Abstract: Pro-social behavior made when buying private goods is becoming increasingly popular. Several findings from behavioral and experimental economics however emphasizes that people are less pro-social in such situations, compared to pro-social decisions in non-market contexts. This paper suggests that emotional responses are important explanations of this finding. It is first argued that the emotional response to a pro-social decision combined with private good purchase is different from the response to a similar decision in a non-market situation. Through evidence from a laboratory experiment, it is then found, that deciding on a social choice in a market exchange involves a less positive emotional reaction to others, compared to non-market situations. Moreover, subjects in market contexts are found to be less responsive to other subjects’ contribution behavior, relative to the non-market contexts.
    Keywords: Emotions; market exchange; pro-social behavior
    JEL: C92 H41 M14
    Date: 2011–12
  5. By: Jona Linde (University of Amsterdam, CREED); Joep Sonnemans (University of Amsterdam, CREED)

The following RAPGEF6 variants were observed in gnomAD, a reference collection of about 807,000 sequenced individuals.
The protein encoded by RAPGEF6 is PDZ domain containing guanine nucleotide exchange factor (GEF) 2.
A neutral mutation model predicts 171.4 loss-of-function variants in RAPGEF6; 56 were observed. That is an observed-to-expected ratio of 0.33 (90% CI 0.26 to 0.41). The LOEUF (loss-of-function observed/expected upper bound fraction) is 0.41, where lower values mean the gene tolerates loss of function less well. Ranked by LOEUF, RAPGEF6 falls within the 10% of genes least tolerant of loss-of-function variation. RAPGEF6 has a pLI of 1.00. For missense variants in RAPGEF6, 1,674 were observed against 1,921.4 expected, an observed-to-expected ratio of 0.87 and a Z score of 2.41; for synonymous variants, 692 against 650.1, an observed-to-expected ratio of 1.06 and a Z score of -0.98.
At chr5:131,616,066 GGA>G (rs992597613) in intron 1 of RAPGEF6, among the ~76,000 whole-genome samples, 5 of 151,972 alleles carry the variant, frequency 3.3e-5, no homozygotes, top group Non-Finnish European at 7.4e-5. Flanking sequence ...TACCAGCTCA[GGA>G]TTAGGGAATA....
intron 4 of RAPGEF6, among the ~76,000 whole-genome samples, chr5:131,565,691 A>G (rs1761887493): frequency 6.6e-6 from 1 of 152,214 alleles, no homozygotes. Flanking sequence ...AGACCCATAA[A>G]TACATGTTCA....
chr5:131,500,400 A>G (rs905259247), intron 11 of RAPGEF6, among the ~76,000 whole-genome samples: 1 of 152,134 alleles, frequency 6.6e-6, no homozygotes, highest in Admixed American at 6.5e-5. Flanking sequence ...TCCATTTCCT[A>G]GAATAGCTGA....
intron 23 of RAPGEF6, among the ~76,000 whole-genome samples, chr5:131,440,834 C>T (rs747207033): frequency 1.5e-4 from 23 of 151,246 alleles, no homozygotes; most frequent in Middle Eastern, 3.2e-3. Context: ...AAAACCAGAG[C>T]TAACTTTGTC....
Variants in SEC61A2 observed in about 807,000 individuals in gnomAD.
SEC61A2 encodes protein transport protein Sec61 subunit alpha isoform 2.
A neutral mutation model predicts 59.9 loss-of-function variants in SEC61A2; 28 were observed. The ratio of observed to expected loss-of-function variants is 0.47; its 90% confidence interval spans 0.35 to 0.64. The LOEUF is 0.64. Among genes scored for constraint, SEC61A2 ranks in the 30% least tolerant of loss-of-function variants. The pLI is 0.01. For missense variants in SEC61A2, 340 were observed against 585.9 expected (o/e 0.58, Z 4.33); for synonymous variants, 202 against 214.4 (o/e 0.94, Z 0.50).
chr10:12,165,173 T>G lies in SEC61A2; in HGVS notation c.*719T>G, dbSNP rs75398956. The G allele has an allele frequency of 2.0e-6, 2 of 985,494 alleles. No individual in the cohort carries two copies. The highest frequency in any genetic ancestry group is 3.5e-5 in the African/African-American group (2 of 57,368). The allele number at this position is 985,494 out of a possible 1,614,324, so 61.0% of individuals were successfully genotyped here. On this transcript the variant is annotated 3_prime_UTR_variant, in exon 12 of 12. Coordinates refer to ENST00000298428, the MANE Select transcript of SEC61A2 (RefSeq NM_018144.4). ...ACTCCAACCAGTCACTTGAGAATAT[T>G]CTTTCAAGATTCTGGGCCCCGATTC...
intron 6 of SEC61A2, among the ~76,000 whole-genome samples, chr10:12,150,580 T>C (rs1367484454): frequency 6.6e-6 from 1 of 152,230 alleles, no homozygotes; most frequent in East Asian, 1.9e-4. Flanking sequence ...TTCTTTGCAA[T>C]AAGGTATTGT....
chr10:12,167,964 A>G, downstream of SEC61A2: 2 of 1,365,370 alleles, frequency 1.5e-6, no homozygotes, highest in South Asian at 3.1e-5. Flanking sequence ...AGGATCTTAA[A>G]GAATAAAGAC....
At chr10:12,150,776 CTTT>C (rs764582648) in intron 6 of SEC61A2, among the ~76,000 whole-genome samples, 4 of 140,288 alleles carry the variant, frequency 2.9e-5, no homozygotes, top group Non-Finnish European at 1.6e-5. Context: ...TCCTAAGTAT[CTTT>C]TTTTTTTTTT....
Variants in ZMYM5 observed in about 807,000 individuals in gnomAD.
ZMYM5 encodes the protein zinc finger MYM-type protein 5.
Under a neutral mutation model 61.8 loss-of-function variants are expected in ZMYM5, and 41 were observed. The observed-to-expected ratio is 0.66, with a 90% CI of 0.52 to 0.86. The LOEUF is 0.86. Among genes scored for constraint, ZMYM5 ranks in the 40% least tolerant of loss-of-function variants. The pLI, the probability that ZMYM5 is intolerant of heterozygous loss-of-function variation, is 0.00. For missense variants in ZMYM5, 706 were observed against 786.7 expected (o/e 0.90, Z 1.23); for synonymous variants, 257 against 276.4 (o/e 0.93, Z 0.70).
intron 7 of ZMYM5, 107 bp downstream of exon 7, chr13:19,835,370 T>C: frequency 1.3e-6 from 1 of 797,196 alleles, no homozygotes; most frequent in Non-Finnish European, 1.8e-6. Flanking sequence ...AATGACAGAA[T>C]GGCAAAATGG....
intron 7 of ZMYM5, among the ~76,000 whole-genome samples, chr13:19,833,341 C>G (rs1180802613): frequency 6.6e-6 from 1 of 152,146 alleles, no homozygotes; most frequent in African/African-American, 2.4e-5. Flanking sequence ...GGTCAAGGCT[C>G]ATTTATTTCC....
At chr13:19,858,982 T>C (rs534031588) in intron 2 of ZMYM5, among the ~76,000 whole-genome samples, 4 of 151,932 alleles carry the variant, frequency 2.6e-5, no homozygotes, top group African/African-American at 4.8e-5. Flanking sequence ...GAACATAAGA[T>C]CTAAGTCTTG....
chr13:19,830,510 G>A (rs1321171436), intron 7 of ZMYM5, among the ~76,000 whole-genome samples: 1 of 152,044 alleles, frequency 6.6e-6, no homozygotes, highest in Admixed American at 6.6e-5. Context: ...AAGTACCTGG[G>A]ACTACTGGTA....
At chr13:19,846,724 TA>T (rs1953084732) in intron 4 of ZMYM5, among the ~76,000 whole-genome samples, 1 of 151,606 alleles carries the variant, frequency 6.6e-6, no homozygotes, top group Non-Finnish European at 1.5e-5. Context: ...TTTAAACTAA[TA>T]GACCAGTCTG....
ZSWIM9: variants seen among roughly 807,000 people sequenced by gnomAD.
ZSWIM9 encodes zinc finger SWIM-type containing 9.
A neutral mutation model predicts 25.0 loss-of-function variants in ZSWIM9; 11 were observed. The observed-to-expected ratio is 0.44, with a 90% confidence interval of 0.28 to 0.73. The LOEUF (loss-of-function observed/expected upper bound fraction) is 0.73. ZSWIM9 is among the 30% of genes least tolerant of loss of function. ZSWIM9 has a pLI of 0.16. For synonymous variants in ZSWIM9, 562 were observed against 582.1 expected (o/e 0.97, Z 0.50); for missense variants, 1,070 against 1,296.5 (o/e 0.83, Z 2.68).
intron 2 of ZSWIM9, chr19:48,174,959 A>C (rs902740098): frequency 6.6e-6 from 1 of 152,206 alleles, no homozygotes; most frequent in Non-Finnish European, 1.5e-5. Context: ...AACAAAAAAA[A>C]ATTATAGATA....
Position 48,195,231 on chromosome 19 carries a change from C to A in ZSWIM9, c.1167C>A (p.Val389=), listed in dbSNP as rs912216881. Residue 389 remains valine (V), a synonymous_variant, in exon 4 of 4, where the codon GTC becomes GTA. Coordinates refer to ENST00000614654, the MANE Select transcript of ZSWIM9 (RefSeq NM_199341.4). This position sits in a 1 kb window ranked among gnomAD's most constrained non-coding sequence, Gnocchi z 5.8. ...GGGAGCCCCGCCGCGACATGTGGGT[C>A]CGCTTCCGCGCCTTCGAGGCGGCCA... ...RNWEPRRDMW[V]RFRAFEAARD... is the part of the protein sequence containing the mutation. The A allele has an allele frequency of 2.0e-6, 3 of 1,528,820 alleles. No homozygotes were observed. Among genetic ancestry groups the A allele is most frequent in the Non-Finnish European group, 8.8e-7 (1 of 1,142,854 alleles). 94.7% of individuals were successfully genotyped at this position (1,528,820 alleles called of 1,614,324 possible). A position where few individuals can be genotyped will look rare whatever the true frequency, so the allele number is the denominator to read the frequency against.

Abstract: Social preference models were originally constructed to explain two things: why people spend money to affect the earnings of others and why the income of others influences reported happiness. We test these models in a novel experimental situation where participants face a risky decision that affects only their own earnings. In the social (individual) treatment participants do (not) observe the earnings of others. In the social treatment gambles therefore not only affect absolute but also relative earnings. Outcome-based social preference models therefore predict a treatment difference. We find that decisions are generally the same in both treatments, in line with rule-based social preference models, like procedural fairness.
    Keywords: fairness; social preferences; decision making under risk; experiment
    JEL: C91 D63 D81
    Date: 2012–01–09
  6. By: Dutta, Nabamita; Mukherjee, Deepraj